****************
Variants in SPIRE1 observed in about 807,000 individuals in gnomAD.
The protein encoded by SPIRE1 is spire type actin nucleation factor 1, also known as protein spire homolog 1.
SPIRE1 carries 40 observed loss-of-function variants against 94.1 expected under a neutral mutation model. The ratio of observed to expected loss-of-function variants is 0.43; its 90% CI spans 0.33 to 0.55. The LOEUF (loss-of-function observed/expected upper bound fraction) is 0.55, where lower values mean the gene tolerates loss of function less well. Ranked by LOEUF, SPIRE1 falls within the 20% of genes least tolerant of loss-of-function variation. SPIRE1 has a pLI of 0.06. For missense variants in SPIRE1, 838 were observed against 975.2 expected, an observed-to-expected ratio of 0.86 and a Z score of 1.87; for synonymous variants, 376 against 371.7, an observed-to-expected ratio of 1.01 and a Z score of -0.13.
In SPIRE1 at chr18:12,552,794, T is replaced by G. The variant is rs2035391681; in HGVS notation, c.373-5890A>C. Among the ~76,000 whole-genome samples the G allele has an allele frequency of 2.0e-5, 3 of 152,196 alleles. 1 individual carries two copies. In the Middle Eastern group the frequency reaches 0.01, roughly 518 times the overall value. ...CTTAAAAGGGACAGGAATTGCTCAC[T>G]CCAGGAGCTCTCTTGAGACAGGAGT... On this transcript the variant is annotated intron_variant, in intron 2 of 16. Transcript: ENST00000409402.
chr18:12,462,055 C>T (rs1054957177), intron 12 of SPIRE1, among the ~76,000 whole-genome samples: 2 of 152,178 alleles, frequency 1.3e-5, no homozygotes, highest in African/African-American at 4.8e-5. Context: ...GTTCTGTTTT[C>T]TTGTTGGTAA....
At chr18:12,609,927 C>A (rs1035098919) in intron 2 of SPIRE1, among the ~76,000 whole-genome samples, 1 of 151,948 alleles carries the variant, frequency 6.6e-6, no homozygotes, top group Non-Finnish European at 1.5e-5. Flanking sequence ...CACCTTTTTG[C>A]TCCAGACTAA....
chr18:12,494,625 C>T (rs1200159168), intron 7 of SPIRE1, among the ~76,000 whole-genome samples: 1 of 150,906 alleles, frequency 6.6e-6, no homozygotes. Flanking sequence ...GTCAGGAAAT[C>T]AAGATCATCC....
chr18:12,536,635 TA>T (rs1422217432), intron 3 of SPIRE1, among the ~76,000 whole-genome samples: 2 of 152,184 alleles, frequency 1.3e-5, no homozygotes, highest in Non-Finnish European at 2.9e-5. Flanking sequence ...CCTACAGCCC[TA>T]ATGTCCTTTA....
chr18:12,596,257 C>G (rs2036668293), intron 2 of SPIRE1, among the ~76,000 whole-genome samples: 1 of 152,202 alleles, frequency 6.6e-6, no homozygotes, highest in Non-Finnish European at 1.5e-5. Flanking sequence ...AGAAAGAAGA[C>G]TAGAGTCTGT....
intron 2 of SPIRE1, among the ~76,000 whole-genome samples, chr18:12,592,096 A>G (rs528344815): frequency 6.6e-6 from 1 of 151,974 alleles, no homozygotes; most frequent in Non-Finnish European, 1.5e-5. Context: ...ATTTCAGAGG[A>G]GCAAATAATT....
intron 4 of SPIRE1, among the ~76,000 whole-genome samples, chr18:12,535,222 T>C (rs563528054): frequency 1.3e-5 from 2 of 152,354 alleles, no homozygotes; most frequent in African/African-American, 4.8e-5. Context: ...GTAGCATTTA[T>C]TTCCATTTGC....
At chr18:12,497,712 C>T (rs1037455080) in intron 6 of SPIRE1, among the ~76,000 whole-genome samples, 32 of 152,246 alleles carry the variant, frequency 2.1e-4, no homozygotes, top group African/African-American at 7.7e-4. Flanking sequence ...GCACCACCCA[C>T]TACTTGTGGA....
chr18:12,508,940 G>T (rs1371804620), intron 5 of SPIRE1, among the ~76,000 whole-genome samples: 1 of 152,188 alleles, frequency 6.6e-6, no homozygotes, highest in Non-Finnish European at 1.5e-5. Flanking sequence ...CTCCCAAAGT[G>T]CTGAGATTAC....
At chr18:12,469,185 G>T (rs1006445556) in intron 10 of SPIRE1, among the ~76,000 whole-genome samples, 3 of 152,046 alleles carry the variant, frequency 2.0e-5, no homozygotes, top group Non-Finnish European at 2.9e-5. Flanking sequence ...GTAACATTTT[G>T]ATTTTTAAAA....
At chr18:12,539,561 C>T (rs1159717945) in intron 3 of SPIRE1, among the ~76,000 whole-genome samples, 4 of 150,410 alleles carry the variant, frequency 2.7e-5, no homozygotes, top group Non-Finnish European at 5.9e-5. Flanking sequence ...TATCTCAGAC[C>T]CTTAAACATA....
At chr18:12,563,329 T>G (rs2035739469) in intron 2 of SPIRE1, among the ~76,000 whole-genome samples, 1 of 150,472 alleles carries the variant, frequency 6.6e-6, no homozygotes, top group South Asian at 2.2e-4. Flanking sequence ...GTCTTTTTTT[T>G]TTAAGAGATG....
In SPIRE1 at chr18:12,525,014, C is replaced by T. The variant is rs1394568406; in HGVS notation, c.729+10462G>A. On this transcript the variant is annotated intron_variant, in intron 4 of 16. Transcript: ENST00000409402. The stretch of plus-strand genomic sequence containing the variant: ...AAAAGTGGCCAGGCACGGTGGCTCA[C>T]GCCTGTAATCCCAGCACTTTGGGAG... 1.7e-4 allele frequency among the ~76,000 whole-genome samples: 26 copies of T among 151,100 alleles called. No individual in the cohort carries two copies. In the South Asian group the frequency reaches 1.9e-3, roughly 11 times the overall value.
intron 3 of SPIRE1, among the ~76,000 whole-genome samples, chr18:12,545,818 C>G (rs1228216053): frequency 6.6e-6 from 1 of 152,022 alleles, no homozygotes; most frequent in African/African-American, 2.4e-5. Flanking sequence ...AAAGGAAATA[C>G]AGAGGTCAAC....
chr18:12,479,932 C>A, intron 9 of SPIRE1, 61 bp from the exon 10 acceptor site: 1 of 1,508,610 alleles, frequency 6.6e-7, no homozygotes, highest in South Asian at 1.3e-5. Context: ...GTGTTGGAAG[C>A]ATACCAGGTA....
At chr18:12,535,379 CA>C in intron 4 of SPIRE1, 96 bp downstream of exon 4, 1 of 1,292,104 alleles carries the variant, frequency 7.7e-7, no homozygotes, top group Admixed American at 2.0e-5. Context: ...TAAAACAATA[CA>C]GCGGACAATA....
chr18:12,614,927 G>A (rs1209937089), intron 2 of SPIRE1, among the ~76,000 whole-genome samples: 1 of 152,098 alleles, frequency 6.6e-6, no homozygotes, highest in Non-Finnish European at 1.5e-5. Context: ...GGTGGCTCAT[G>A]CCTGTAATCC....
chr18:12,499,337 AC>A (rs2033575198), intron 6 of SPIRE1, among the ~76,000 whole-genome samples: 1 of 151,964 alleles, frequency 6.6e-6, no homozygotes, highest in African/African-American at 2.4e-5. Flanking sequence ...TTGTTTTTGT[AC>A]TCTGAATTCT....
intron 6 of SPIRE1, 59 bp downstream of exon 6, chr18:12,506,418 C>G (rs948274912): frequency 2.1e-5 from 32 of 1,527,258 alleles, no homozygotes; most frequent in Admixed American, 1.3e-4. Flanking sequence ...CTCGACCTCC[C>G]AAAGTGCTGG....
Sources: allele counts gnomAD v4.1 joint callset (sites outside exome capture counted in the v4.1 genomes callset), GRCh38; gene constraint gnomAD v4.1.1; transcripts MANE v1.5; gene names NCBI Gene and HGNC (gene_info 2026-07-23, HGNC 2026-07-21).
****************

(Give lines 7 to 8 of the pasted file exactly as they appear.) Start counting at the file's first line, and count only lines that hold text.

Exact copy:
chr18:12,494,625 C>T (rs1200159168), intron 7 of SPIRE1, among the ~76,000 whole-genome samples: 1 of 150,906 alleles, frequency 6.6e-6, no homozygotes. Flanking sequence ...GTCAGGAAAT[C>T]AAGATCATCC....
chr18:12,536,635 TA>T (rs1422217432), intron 3 of SPIRE1, among the ~76,000 whole-genome samples: 2 of 152,184 alleles, frequency 1.3e-5, no homozygotes, highest in Non-Finnish European at 2.9e-5. Flanking sequence ...CCTACAGCCC[TA>T]ATGTCCTTTA....